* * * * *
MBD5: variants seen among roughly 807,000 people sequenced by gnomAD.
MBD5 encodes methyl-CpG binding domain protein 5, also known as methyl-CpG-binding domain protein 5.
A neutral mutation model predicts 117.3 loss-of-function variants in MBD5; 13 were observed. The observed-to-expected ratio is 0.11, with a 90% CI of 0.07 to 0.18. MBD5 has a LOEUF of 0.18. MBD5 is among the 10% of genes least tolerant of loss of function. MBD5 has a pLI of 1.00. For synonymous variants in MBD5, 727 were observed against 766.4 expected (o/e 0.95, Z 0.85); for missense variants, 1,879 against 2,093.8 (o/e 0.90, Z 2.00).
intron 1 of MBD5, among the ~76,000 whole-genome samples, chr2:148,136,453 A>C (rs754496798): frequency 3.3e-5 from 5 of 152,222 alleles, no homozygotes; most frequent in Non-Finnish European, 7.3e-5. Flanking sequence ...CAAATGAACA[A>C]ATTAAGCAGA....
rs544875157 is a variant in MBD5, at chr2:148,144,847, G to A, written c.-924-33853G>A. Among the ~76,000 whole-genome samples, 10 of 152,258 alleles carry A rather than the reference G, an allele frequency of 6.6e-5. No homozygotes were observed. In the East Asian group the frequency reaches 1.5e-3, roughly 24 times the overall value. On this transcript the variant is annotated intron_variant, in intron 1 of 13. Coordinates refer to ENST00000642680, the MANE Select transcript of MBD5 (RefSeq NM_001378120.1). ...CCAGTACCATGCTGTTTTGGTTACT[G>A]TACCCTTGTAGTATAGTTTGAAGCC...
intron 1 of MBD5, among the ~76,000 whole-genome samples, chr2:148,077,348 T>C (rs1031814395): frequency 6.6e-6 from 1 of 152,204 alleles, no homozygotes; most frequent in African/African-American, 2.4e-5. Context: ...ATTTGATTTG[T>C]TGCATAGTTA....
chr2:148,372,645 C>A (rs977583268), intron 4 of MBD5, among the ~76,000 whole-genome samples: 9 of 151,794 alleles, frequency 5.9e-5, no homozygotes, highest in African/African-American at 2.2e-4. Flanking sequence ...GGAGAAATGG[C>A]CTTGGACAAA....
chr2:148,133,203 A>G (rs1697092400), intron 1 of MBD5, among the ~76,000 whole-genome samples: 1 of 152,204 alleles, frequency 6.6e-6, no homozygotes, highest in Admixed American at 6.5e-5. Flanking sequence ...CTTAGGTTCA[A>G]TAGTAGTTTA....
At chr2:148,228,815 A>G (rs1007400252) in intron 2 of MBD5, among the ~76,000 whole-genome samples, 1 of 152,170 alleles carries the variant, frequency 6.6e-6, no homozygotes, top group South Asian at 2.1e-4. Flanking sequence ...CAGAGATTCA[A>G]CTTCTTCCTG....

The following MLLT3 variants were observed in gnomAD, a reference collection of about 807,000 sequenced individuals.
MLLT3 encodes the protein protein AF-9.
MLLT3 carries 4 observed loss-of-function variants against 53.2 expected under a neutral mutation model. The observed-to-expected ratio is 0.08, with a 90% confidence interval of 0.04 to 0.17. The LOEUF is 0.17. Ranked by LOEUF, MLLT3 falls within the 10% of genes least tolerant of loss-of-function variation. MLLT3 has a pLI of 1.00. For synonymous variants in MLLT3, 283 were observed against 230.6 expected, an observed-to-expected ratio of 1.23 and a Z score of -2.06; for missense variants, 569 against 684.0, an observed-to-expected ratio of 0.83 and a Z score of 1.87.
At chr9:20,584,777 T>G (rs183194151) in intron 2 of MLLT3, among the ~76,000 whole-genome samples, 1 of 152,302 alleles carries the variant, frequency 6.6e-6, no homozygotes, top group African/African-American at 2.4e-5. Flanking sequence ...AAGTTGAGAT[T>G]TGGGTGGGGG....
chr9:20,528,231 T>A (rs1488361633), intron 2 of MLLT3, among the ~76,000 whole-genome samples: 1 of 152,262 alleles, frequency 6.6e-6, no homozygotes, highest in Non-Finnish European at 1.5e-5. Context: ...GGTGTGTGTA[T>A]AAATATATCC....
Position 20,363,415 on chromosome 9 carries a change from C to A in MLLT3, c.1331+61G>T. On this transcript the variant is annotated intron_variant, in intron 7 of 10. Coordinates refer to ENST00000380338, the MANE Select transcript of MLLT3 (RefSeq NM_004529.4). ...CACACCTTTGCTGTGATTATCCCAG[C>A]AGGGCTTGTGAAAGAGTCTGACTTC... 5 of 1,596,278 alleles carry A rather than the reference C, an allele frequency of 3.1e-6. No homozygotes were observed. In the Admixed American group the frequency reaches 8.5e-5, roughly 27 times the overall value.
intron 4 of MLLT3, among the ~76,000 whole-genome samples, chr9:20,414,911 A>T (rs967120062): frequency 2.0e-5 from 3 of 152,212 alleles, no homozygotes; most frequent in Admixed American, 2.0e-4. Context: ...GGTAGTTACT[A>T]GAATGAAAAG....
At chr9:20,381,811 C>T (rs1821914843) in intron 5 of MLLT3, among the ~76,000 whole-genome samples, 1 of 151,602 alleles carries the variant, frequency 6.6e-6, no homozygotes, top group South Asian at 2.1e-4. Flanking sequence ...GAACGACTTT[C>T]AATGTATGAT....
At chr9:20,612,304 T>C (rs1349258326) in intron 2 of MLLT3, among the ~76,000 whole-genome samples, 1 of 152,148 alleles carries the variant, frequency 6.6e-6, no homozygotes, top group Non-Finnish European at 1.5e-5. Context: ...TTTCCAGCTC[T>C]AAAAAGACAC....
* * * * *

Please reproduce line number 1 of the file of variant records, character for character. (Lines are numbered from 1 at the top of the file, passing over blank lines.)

MBD5: variants seen among roughly 807,000 people sequenced by gnomAD.